Neal St. Anthony: The corpse of Stockwalk just won't stay buried

  • Article by: NEAL ST. ANTHONY , Star Tribune
  • Updated: October 18, 2007 - 8:06 PM

Six years after bankruptcy, the securities firm's saga continues: There's new money to fight over.

The creditor actions that transcended last year's shutdown of Miller Johnson Steichen Kinnard (MJSK) are going to cost former partners real money, according to court documents and arbitration awards that date to the 2002 bankruptcy plan of Stockwalk Group.

Stockwalk Group and MJSK were the cobbled-together securities peddler composed of three small regional firms. Stockwalk, the public holding company, soared during the market bubble of 1999-2000, only to crash into a fraud-induced bankruptcy in 2001.

The several veteran partners of MJSK who bought the firm out of bankruptcy were able to pay principal amounts to creditors within several years. But the weakened MJSK, thanks to defections of key employees, sold its waning retail business in December to Stifel Financial and laid off about 30 employees.

But an unusual settlement last year with a German bank involved in the fraud that proved to be Stockwalk's undoing has given the aggrieved parties an unspecified pot of money to fight over.

The family of the late Jack Feltl, owner of one of the firms that sold to Stockwalk, brought actions against MJSK before a securities industry arbitration panel in 2006. The panel awarded Mary Jo Feltl $347,125 in compensatory damages this year, on Feltl's claim that MJSK had breached his contract and failed to make a bonus payment. The Feltls had asked for $5 million.

Jack Feltl sold his R.J. Steichen Securities to Stockwalk Group/MJSK in 2000 for about 6 million shares of publicly held Stockwalk, which were wiped out in its bankruptcy.

Meanwhile, Hennepin County District Judge Kevin Burke has granted summary judgment to the Feltl family. In that case, the family alleged that MJSK/Stockwalk failed to pay it what could be hundreds of thousands of dollars of interest under the terms of the 2002 bankruptcy agreement with creditors. MJSK paid about $3.2 million to satisfy the Feltls' bankruptcy claim as creditors, according to Burke's order.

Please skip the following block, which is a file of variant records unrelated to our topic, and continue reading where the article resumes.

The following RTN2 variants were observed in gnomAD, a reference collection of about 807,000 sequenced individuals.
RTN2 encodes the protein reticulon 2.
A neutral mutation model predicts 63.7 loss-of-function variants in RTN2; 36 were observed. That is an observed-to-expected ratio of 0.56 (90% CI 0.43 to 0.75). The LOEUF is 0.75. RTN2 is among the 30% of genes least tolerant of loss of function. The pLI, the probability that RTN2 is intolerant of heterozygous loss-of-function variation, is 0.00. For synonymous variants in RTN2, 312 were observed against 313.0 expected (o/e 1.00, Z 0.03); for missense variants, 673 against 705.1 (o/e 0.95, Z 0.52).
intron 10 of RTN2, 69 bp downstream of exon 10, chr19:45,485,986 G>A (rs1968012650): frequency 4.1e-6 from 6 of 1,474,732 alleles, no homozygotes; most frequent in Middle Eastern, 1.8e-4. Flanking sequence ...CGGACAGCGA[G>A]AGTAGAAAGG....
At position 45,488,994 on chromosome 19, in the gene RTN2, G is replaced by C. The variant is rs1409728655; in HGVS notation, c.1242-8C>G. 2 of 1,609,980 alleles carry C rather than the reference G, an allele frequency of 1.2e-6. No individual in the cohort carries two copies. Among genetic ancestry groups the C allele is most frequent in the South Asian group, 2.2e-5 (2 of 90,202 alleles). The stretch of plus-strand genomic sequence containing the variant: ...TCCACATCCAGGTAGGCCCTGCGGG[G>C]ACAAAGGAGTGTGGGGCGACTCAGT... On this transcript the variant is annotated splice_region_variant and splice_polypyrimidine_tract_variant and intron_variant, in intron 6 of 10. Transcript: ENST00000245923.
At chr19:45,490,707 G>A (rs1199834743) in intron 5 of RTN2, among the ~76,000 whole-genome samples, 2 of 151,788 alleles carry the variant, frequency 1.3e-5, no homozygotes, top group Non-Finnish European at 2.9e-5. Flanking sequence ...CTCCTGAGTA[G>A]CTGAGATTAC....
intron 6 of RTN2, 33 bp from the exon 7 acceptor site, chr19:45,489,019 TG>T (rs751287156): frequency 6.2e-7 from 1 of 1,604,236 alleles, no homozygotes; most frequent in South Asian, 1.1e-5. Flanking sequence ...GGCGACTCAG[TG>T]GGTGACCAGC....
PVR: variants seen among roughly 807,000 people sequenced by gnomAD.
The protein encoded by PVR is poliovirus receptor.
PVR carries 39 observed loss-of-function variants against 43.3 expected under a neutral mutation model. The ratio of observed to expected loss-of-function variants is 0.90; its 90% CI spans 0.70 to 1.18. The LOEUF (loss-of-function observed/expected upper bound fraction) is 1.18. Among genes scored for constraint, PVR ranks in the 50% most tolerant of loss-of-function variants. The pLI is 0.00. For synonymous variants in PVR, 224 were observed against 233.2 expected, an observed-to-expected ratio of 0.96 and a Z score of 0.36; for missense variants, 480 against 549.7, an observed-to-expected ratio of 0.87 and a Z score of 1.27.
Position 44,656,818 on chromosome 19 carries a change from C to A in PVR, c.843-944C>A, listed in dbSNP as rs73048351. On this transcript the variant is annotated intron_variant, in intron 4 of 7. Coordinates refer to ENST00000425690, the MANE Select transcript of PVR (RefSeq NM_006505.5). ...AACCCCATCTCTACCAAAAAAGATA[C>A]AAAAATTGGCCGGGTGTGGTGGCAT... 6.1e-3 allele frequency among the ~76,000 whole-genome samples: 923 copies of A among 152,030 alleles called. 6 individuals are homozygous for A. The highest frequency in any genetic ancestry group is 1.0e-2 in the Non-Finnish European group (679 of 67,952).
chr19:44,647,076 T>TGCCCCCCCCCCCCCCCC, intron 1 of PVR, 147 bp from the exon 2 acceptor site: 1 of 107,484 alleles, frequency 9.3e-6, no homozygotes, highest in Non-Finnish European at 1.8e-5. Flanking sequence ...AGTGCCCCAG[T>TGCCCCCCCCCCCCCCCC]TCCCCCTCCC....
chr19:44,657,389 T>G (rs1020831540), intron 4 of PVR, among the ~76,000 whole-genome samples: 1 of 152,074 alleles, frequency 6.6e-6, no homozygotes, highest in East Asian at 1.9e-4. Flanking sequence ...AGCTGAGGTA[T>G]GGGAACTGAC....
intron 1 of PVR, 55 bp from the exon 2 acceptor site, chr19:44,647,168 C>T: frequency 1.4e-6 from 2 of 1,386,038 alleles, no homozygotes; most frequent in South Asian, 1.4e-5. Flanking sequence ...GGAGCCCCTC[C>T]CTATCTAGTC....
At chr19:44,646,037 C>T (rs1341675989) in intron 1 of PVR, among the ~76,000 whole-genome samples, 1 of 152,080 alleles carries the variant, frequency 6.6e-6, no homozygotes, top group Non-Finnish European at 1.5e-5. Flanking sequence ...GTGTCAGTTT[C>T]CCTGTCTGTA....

The firm last year said that it paid out about $40 million to holders of Stockwalk bonds and other creditors from profit and legal settlements. But MJSK, under the bankruptcy agreement, didn't have to make interest payments to holders of what originally was about $56 million in high-yielding, unsecured bonds, unless its profit topped $3 million in any year after 2002. Burke dismissed MJSK/Stockwalk's argument that it is exempt from paying any more to its creditors. And there was plenty more available to pay out, thanks to a settlement with Deutsche Bank.

What's at issue is how much did the several partners of MJSK get from a confidential settlement last year with the German bank. A bankruptcy trustee and federal officials said Deutsche Bank was complicitous in an international stock fraud that duped MJSK and several other brokerages in 2001, and led to MJSK's bankruptcy.

There has been trade speculation that the Deutsche Bank settlement was as much as $40 million.

"Stockwalk's reluctance to pay interest for 2006 apparently comes from the fact that in 2006 they received quite a large settlement for another lawsuit in which they were involved," Burke said in his recent order. "The fact that they may have to pay a larger sum than they had hoped, however, does not excuse them from their contractual obligation under the plan."

The Feltl case is headed for a hearing to decide the amount owed the family, or for mediation.

Bill Goblirsch, an MJSK executive presiding over its financial remains, declined to comment concerning the litigation or the size of the Deutsche Bank settlement.

In 2006, Stockwalk/MJSK CEO David Johnson contacted unsecured debt holders to say that their bankruptcy claims would be paid off in full if they agreed to no further claims.

This summer, lawyers for the Feltls and Stephen and Claudia Wagner, other investors in Stockwalk bonds, commenced a class action suit against MJSK in Hennepin County Court on behalf of an unspecified number of bond investors who did not sign the waiver and who contend that they are entitled to interest payments on their principal amounts since the 2002 bankruptcy. A ruling by Burke in the class-action case is pending.

Stockwalk/MJSK died a messy death.

Neal St. Anthony • nstanthony@startribune.com

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